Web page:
The Church of England is tackling the problem it faces by ordaining more and more clergy that are simply unpaid. But they are getting older and older, and that soon the conveyor belt having to go to the younger end will not produce enough.

The significant moves will be made by Conservative Evangelicals. The question is whether they will do themselves what they keep threatening - set up their own parallel systems that lead eventually to a different Anglican Church. I notice (put on my blog too) that a once commenter here, NP, has very recently changed his tune at Fulcrum, now to forming parallel or external assumed-biblicist structures, new buildings, gatherings, showing the apparent power of numbers and money.

The C of E can probably adjust, via replacements of clergy - to have more unpaid, with no pensions, no housing - to get a sort of early retirement and retirement approach to clerical provision given the exclusive rights it puts on the exclusive rite.

Posted by Pluralist at Tuesday, 13 July 2010 at 2:30pm BST

I second Lionel Diemel. The C of E should keep in mind that most of these threats are hollow. We have "lost" about one percent of dioceses and parishes in the Episcopal Church over the issues of women and homosexuals. The threats of 1300 priests and 10% of parishes leaving the C of E are an exaggeration. Look for it to be closer to 1%. And in the end, the C of E will gain its soul, be allowed to fully use the gifts of all God's children and attract new generations of people who would otherwise flee from the hateful rhetoric of the right.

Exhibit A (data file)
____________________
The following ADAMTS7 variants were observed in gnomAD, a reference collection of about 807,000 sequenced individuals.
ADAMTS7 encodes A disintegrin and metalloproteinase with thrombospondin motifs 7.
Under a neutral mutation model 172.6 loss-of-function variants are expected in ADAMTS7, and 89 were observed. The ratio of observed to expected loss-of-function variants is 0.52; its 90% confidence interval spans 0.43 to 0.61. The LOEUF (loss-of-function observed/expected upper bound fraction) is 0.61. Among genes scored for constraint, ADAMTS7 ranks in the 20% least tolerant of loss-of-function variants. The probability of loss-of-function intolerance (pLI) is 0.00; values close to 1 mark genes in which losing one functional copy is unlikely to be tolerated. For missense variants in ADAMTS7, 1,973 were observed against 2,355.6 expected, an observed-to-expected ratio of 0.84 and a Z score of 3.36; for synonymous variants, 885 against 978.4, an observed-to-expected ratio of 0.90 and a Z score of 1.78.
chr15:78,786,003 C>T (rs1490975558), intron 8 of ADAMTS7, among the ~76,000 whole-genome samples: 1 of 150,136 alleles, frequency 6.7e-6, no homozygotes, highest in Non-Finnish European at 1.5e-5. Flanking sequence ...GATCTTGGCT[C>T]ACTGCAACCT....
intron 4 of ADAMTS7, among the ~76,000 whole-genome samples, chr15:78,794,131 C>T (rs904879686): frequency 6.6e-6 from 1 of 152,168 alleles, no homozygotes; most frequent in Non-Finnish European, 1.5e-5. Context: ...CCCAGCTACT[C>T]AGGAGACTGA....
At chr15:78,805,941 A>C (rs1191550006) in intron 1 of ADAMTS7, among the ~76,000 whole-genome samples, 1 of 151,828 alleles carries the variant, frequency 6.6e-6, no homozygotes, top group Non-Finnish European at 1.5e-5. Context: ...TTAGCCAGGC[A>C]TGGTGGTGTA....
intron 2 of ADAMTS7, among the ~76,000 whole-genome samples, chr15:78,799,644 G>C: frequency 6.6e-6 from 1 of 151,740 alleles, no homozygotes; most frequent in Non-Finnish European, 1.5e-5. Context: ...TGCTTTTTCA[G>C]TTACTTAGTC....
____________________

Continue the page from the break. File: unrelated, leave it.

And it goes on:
Posted by Scott Stockburger at Tuesday, 13 July 2010 at 2:50pm BST

Do we know who the 15 bishops were that voted against the Abps amendment? Usually the House of Bishops try and hang in together.Did the two Abps signal their proposed course of action at the last meeting of the House of Bishops and discuss it?

Posted by Perry Butler at Tuesday, 13 July 2010 at 3:09pm BST

"Every kingdom divided against itself will be ruined, and every city or household divided against itself will not stand" - Matthew 12:25

Prophetic words indeed for the Church of England. You just had to listen to and watch the debates over the weekend to observe truth working itself out. The revisionist agenda has a lot to answer for.

Posted by Benedict at Tuesday, 13 July 2010 at 3:53pm BST

If one thinks that submission to the Bishop of Rome is a morally viable option, then one has absolutely no excuse for not swimming the Tiber more or less immediately. "I believe in the doctrinal infallibility and universal ordinary jurisdiction of the Bishop of Rome, but I'm not going, or at least not yet" is a dishonest, hypocritical, and immoral position. And if does not accept the D.I. and U.O.J. of the Bishop of Rome, then one has absolutely no business even dipping one's toes into the Tiber. As a lifelong Anglican/Episcopalian, I don't want any of these folks to leave. But I do want them to stop whining.